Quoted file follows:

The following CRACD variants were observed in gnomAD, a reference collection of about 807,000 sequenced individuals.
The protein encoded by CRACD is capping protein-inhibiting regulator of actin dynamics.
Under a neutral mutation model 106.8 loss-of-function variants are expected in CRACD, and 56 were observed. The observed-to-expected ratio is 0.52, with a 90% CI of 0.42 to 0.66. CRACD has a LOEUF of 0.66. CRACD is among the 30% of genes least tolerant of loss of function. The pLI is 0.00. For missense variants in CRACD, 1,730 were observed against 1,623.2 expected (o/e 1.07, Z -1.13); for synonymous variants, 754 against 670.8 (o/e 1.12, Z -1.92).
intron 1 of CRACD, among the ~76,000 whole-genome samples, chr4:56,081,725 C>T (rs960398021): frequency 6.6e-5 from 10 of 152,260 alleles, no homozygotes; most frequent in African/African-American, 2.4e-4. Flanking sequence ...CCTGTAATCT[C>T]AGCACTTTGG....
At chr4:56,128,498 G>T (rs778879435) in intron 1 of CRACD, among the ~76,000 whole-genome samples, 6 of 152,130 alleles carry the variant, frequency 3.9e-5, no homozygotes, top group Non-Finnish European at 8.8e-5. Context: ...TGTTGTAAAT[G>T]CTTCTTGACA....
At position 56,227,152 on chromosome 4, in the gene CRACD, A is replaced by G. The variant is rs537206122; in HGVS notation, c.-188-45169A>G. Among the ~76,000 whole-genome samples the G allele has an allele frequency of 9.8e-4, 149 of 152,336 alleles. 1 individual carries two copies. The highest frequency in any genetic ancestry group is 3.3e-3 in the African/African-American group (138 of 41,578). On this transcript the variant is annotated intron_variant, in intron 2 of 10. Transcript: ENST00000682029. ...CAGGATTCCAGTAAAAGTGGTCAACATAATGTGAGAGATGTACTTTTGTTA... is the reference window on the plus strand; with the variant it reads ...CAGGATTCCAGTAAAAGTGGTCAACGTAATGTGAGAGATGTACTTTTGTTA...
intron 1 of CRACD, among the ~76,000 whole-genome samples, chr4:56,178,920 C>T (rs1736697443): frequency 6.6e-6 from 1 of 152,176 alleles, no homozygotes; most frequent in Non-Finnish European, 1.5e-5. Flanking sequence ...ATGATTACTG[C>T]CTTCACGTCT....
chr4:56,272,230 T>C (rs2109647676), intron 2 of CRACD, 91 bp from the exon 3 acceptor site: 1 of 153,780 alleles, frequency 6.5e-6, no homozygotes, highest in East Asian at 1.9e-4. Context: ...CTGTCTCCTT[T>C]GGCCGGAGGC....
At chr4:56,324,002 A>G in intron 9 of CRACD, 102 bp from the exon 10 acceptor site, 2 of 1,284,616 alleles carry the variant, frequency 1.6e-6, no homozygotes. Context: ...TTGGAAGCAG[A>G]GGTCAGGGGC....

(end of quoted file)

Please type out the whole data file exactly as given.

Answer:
The following CRACD variants were observed in gnomAD, a reference collection of about 807,000 sequenced individuals.
The protein encoded by CRACD is capping protein-inhibiting regulator of actin dynamics.
Under a neutral mutation model 106.8 loss-of-function variants are expected in CRACD, and 56 were observed. The observed-to-expected ratio is 0.52, with a 90% CI of 0.42 to 0.66. CRACD has a LOEUF of 0.66. CRACD is among the 30% of genes least tolerant of loss of function. The pLI is 0.00. For missense variants in CRACD, 1,730 were observed against 1,623.2 expected (o/e 1.07, Z -1.13); for synonymous variants, 754 against 670.8 (o/e 1.12, Z -1.92).
intron 1 of CRACD, among the ~76,000 whole-genome samples, chr4:56,081,725 C>T (rs960398021): frequency 6.6e-5 from 10 of 152,260 alleles, no homozygotes; most frequent in African/African-American, 2.4e-4. Flanking sequence ...CCTGTAATCT[C>T]AGCACTTTGG....
At chr4:56,128,498 G>T (rs778879435) in intron 1 of CRACD, among the ~76,000 whole-genome samples, 6 of 152,130 alleles carry the variant, frequency 3.9e-5, no homozygotes, top group Non-Finnish European at 8.8e-5. Context: ...TGTTGTAAAT[G>T]CTTCTTGACA....
At position 56,227,152 on chromosome 4, in the gene CRACD, A is replaced by G. The variant is rs537206122; in HGVS notation, c.-188-45169A>G. Among the ~76,000 whole-genome samples the G allele has an allele frequency of 9.8e-4, 149 of 152,336 alleles. 1 individual carries two copies. The highest frequency in any genetic ancestry group is 3.3e-3 in the African/African-American group (138 of 41,578). On this transcript the variant is annotated intron_variant, in intron 2 of 10. Transcript: ENST00000682029. ...CAGGATTCCAGTAAAAGTGGTCAACATAATGTGAGAGATGTACTTTTGTTA... is the reference window on the plus strand; with the variant it reads ...CAGGATTCCAGTAAAAGTGGTCAACGTAATGTGAGAGATGTACTTTTGTTA...
intron 1 of CRACD, among the ~76,000 whole-genome samples, chr4:56,178,920 C>T (rs1736697443): frequency 6.6e-6 from 1 of 152,176 alleles, no homozygotes; most frequent in Non-Finnish European, 1.5e-5. Flanking sequence ...ATGATTACTG[C>T]CTTCACGTCT....
chr4:56,272,230 T>C (rs2109647676), intron 2 of CRACD, 91 bp from the exon 3 acceptor site: 1 of 153,780 alleles, frequency 6.5e-6, no homozygotes, highest in East Asian at 1.9e-4. Context: ...CTGTCTCCTT[T>C]GGCCGGAGGC....
At chr4:56,324,002 A>G in intron 9 of CRACD, 102 bp from the exon 10 acceptor site, 2 of 1,284,616 alleles carry the variant, frequency 1.6e-6, no homozygotes. Context: ...TTGGAAGCAG[A>G]GGTCAGGGGC....